The Inheritance – Now available!

  If you inherit something, do you also inherit responsibility for its history? Even if you have no awareness of that history? So begins my second novel, The Inheritance, available on Amazon and iBooks. This novel fictionalizes my own internal struggle and eventual resolution of discovering that money I had inherited could be traced to land […]

Critical Family History Book Review: Before we were Yours

Adoption presents challenges to family historians. Perhaps the greatest challenge is figuring out how important it is to trace biological ancestors, especially if they have had little or no role in actually raising a person. Lisa Wingate, in Before we were Yours (Ballantine, 2017), grapples with this question, although her purpose is mainly to critique […]

Returning What was Stolen

On September 24, 2017, I returned to the Ute Nation money I had inherited derived from the sale of a homestead on the Utes’ homeland in the Yampa Valley of Colorado immediately after the Utes had been expelled. How did I trace my inheritance to the Utes’ loss of land? Why did I frame the […]

Book Review: The Lost

The Lost: A Search for Six of Six Million tells the story of how Daniel Mendelsohn searched for all he could learn about one family that perished during the Holocaust. What particularly intrigued me about this prize-winning book was the author’s decision to cast it mainly as a memoir about the process of searching for a […]

Preventing Home-Grown White Terrorism

A few days ago, white supremacist Jeremy Joseph Christian stabbed three men — Ricky Best, Taliesin Namkai-Meche and Micah Fletcher — on a train in Portland, Oregon because they were defending two young women, one of whom wore a hijab, from Christian’s racist rant. Two of the men died immediately, victims of home-grown white terror. Christian, who […]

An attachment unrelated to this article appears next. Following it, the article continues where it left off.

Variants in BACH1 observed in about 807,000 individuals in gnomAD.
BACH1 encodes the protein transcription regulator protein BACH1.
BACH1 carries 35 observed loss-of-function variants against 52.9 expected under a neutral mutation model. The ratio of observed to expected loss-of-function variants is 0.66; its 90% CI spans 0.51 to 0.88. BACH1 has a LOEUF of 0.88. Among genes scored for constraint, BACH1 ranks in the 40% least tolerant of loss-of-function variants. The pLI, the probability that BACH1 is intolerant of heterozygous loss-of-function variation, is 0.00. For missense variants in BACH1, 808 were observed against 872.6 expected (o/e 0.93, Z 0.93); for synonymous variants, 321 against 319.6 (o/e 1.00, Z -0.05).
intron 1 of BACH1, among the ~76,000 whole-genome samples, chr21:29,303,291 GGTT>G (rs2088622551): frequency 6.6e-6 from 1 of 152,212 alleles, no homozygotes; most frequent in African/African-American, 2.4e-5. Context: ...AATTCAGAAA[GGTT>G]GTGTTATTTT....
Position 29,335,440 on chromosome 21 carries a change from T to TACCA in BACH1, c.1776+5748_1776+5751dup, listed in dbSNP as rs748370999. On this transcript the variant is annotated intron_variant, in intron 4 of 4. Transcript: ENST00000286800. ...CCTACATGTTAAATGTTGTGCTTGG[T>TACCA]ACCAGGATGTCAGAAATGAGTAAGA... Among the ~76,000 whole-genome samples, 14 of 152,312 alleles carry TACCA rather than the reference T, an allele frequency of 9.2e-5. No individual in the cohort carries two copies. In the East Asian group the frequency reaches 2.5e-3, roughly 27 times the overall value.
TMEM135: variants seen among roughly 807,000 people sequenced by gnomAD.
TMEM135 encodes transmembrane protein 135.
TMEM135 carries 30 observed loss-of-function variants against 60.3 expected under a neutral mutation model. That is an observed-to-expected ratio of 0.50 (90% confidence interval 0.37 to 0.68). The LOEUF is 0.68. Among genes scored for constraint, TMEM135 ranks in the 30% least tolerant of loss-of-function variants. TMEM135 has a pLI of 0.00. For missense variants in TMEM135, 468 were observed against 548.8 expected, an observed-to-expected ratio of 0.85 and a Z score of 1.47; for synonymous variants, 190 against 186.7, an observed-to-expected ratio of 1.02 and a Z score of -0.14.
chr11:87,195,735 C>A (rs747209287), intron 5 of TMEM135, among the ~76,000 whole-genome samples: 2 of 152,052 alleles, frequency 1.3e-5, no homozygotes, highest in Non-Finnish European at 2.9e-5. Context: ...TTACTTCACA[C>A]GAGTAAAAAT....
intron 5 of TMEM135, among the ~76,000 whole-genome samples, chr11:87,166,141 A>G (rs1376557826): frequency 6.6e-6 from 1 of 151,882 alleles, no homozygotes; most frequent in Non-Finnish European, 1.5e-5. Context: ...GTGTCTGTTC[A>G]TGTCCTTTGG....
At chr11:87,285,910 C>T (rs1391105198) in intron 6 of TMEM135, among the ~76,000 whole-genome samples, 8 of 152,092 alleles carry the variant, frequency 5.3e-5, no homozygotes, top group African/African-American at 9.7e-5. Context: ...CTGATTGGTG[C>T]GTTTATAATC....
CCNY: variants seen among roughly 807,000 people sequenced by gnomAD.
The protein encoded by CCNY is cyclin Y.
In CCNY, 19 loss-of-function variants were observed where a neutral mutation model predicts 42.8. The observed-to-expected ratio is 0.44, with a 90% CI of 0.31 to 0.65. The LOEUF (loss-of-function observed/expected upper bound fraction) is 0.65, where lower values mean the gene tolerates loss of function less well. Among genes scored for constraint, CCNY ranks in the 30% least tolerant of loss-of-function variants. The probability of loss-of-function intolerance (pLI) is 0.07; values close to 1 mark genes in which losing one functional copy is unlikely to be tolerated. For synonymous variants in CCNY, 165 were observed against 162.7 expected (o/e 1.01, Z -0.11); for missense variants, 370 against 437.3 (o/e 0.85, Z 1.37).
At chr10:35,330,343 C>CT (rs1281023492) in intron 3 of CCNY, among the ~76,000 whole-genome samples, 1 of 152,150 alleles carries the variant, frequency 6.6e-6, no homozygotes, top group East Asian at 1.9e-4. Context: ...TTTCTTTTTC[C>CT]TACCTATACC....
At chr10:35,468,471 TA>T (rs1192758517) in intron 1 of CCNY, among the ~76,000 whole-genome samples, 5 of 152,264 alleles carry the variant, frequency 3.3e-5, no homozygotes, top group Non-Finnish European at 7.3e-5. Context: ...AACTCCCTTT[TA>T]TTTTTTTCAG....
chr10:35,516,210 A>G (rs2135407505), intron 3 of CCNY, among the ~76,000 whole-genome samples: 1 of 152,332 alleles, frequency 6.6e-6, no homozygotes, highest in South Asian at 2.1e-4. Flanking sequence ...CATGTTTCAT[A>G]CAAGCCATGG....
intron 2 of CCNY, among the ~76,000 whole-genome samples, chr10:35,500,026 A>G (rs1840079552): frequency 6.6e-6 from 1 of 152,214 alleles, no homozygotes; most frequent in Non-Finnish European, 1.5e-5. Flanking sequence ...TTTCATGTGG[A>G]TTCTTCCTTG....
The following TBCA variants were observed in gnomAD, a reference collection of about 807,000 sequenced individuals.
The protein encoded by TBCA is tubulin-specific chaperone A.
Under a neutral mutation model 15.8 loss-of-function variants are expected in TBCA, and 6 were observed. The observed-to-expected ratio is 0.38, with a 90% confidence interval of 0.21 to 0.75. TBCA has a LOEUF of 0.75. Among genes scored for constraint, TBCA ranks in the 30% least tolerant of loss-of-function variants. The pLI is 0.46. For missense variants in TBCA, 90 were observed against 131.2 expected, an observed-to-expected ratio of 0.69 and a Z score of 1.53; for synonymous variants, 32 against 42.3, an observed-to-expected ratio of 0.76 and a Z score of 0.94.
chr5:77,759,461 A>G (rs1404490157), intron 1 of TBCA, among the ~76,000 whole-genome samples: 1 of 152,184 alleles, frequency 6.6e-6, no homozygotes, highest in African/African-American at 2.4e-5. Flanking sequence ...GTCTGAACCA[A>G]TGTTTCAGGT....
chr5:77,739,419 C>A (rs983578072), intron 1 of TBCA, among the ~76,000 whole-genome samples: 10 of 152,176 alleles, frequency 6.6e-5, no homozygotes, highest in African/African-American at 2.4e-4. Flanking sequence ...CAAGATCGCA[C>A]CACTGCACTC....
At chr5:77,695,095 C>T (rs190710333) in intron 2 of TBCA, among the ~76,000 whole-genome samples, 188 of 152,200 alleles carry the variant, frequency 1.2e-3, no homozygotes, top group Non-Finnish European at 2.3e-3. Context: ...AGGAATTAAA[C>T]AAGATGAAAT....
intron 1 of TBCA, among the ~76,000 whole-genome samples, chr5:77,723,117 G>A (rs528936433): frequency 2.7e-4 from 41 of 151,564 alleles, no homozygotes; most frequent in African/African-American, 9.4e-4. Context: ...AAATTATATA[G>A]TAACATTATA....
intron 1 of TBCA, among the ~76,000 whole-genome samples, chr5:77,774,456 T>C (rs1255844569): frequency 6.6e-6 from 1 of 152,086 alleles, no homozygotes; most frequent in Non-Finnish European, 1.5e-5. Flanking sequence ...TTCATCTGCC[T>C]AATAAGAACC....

Multicultural Programming in one State

A couple of years ago, I was asked to serve as an expert witness in the court case Martinez v. New Mexico. The case itself is quite extensive and complicated. My portion of the work focused on multicultural programming. Specifically, I analyzed 1) empirical research on practices and impacts of multicultural education on students, 2) New […]

Critical Family History Book Review: Homegoing

What might a family history look and feel like that, while not based strictly on genealogy, portrays in exquisite detail who one’s ancestors could have been? This is the project debut novelist Yaa Gyasi undertook in her breathtaking debut novel Homegoing (Knopf, 2016). Perhaps her greatest impulse in creating Homegoing was articulated by one of […]

Impact of Ethnic Studies on Attitudes

The Arizona state legislature is at it again, now considering legislation to ban specific ethnic studies teaching practices (such as the privilege walk) at the university as well as K-12 levels. This proposed legislation is based on the belief that such courses and activities promote resentment based on race, gender, religious affiliation, social class, and/or political affiliation. […]

White people in Ethnic Studies

Ethnic Studies is experiencing a vibrant growth at the K-12 level. I am sometimes asked what place there should be, if any, for white people in Ethnic Studies. This is an important question. Simply leaving white people out of Ethnic studies will alienate them. In addition, Ethnic Studies is invaluable for helping white people see […]

A Critical Race Theory look at Teacher education

In the U.S., achievement gaps by race/ethnicity persist. I will use Critical Race Theory to ask what teacher education is doing to address them. But first, let’s look at the gaps themselves. I like to use data from the National Assessment of Education Progress, because it has been given to samples of students since the […]